The above inferior-mirage flash image sequence is hosted by Wikipedia , captured by photographer Mila Zinkova at Santa Cruz, CA. The large, top image is the final last glimpse. See Andy Young’s detailed explanation on the Wikipedia image page.
UPDATE: Paul Kamen’s inferior mirage green flash video is excellent — very short, a lovely view of a yacht sailing in front of the Golden Gate Bridge. This video is authentic – most of the others we found were fakes.
We are still trying to see a green flash and of course to capture a decent photograph. Since we have internet access here at Ilot Maitre in New Caledonia we’ve done a bit of elementary re-searching on the subject. It turns out that:
** there are several types of atmospheric phenomena that produce different “green flash” effects;
** the green flash effect can occur at sunrise as well as sunset, and over low-flat land as well as over the ocean.
A very clear explanation can be found at Paul Doherty’s excellent Scientific Explorations and Adventures. Paul’s illustration at left shows the basic differential refraction which very slightly separates the long from the short wavelengths. Paul wrote:
The highest blue image of the sun and lowest red image combine with the central green image to create a white sun with a blue top rim and a red bottom rim.
(…) The same temperature gradients that produce mirages can strongly influence the shape of the sun at sunset and the shape and duration of green flashes.
A sunset through an atmospheric temperature gradient which would produce an inferior mirage causes the bottom of the sun to stretch down toward the horizon and broaden out. This occurs when cold air is over a warm ocean. These flashes are common over tropical oceans. They also happen over temperate oceans when cold air masses move south over warmer water. Most common green flashes are produced by inferior mirage enhancement. The average length of these green flashes in the tropics is 2 seconds.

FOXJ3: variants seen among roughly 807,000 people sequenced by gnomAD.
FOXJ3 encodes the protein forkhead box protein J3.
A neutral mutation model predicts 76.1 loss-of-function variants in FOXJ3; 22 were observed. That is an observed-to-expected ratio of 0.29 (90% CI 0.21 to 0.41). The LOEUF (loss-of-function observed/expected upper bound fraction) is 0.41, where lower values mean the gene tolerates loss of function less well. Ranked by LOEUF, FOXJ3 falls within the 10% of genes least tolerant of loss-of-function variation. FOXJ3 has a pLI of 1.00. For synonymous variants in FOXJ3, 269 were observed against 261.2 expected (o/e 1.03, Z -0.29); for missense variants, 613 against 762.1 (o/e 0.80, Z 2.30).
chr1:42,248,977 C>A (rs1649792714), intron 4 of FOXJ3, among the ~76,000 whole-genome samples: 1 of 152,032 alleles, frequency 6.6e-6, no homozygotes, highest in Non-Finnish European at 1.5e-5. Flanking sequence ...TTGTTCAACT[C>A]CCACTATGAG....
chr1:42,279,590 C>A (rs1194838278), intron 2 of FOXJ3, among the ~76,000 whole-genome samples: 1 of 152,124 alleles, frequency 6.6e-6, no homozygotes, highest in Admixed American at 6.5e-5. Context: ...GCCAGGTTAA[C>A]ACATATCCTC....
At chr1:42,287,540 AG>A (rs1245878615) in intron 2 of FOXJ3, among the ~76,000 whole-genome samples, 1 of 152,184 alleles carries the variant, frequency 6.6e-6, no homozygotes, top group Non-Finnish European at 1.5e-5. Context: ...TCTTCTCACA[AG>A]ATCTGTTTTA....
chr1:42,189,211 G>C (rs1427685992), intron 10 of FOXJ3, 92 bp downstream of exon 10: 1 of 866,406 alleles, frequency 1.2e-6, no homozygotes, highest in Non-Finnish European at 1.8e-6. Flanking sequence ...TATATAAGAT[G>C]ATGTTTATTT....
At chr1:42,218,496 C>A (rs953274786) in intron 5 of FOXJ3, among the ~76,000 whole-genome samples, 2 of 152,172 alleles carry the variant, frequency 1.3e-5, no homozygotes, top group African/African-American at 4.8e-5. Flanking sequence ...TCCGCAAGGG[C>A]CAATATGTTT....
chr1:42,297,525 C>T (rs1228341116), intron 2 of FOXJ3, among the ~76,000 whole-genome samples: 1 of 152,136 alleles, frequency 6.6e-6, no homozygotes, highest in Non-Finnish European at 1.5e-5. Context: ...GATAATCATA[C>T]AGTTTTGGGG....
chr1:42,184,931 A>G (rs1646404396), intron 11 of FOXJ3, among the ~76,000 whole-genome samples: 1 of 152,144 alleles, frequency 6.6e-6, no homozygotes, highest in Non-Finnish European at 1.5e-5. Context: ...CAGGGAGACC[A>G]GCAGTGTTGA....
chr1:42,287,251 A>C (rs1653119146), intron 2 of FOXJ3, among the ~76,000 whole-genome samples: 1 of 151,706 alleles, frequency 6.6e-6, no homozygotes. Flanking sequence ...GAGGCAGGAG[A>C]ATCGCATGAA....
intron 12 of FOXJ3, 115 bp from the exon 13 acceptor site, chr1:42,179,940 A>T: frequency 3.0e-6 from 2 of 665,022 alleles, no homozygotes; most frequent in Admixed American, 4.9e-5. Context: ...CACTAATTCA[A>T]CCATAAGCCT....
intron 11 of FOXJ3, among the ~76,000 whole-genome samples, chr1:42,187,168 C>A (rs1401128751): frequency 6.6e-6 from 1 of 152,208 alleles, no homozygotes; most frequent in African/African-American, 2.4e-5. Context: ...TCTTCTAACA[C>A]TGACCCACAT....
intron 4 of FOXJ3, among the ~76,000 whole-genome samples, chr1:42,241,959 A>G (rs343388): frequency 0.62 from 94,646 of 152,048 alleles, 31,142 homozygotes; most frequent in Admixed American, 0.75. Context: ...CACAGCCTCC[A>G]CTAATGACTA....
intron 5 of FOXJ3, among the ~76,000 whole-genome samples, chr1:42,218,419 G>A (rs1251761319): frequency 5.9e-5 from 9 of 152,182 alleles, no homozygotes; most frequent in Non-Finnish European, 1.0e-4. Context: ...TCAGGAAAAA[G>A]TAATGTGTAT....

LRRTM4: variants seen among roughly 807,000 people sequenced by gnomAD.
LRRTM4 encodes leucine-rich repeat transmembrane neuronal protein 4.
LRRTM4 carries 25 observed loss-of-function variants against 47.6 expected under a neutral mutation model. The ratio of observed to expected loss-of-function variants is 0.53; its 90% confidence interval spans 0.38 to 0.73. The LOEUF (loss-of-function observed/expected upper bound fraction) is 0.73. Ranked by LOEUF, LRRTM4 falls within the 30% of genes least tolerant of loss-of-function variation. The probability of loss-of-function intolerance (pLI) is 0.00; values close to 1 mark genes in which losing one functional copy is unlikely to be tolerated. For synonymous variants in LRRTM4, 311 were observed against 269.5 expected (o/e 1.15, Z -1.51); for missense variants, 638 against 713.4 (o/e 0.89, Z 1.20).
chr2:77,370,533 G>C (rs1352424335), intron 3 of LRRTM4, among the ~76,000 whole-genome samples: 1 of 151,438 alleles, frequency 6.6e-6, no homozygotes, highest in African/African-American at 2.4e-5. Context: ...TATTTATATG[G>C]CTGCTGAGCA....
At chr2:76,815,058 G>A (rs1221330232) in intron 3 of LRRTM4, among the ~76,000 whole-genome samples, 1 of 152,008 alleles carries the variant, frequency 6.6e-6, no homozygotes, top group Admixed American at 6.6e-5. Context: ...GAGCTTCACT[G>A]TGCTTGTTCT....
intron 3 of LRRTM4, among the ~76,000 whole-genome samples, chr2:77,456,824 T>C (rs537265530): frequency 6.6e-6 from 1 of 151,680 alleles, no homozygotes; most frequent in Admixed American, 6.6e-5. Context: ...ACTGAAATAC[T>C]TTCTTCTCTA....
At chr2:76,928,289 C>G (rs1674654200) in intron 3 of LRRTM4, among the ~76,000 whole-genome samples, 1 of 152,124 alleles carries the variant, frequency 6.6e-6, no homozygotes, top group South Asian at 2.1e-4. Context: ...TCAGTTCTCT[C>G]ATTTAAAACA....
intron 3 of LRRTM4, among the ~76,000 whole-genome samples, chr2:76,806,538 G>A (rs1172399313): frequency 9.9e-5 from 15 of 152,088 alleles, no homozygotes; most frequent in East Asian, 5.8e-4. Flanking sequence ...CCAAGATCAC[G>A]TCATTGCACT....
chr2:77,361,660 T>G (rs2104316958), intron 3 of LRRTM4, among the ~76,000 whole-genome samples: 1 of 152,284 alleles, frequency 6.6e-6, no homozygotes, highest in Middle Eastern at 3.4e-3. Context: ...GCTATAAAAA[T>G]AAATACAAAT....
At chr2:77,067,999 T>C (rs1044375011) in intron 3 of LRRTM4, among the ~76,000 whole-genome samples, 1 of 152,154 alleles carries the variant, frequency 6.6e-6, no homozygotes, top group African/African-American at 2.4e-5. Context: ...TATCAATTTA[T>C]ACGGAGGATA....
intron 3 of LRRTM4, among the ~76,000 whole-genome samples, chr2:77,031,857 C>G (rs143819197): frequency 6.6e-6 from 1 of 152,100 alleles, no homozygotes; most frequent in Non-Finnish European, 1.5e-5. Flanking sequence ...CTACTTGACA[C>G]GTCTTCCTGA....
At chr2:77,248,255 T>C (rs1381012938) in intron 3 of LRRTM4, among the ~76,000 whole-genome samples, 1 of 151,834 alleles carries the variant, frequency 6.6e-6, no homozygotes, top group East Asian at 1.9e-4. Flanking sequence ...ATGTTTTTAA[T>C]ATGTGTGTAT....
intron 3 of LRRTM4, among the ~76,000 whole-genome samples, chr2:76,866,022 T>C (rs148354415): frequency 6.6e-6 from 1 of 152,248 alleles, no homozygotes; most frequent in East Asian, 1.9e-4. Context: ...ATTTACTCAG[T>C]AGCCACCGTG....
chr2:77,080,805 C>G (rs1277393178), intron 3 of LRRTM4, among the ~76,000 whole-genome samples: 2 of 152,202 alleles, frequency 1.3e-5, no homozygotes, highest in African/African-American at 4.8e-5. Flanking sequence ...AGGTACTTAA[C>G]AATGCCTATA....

A word on Paul Doherty: he is an MIT-trained physicist (Ph.D. in solid-state physics). Perhaps more important to us lay folk, Paul has been since 1986 a prime-mover at San Francisco’s famous Exploratorium.
In 1986, I came to the Exploratorium Teacher Institute and began my exhibit-based explorations in science. I became the co-director of the Teacher Institute in 1990 and the founding director of the Center for Teaching and Learning in 1992. Since 1997 I have been a senior staff scientist at the Exploratorium. I am also a visiting scientist at Tom Tits Experiment in Sweden and an adjunct professor of physics at San Francisco State University. In 1999 I received the “Administrator of the Year” award from the California Science Education Advisory Council for my work directing teaching programs at the Exploratorium. In 2002 I was awarded the Distinguished Teacher Award by the American Association of Physics teachers, Northern California Section. In 2003 I was given the NSTA’s Faraday Award for excellence as a science communicator.
So, not only is Paul a physicist, he is a very cool guy (including all sorts of adventuring).
Astronomer Andy Young of San Diego State University is an authority on the green flash. I think you can find everything else you might want to know at Andrew’s Green Flash homepage.